Cities to Sports Teams: Good Riddance
Earlier this year I wrote a feature on baseball stadium financing, with the premise that it's getting harder for teams to win funding from state ...
Earlier this year I wrote a feature on baseball stadium financing, with the premise that it's getting harder for teams to win funding from state and local governments.
As I saw it, public officials and the public themselves are increasingly aware that baseball teams almost never switch towns (only the Montreal Expos have in the last three decades). Therefore, the "Give us a new stadium or else" threats of owners are beginning to fall on deaf ears.
However, this premise is questionable from a couple of directions. Since I wrote my article, Minnesota culminated a fifteen-year debate by signing off on a new stadium for the Twins, showing, perhaps, that public financing still has some life yet.
Perhaps more interestingly, though, I may have overestimated the extent to which opposition to public funding for stadiums hinges on the perception that the team is staying in town no matter what.
In fact, last week Seattle voters overwhelmingly supported a measure to restrict public financing of sports venues. They knew full well that their vote would mean that the local NBA team, the Supersonics, would leave, but didn't care.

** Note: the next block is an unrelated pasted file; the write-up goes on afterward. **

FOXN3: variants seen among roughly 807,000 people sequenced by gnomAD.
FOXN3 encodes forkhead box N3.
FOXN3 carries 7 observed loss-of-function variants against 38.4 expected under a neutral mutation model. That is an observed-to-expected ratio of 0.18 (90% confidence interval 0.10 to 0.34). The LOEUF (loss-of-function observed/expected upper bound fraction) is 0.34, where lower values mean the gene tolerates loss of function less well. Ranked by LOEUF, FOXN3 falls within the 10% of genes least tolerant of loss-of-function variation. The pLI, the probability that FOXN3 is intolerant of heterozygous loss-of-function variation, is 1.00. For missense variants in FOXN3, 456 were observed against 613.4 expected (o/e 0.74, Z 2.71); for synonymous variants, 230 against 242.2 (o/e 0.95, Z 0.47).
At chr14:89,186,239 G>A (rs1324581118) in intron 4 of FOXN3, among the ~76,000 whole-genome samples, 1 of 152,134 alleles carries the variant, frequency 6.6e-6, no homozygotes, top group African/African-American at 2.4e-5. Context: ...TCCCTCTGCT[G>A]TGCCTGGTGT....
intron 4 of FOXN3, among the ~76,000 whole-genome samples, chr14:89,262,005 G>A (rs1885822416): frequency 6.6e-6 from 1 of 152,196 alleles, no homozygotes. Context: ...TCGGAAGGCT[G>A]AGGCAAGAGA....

Similarly, some San Franciscans, including Mayor Gavin Newsom, were shocked to hear last week that their NFL team, the 49ers, is likely moving to Santa Clara. But they weren't so shocked as to rethink their opposition to public funding for stadium construction.
These two examples reflect another trend too. More and more, opposition to sports stadiums is coming from the left, as much as the right. Historically, fiscal conservatives and many economists have seen public funding for sports venues as a poor investment. Critics on the left now share their view.
Why, they wonder, should the government be giving millions to wealthy owners when the money could be spent on social services for the poor?
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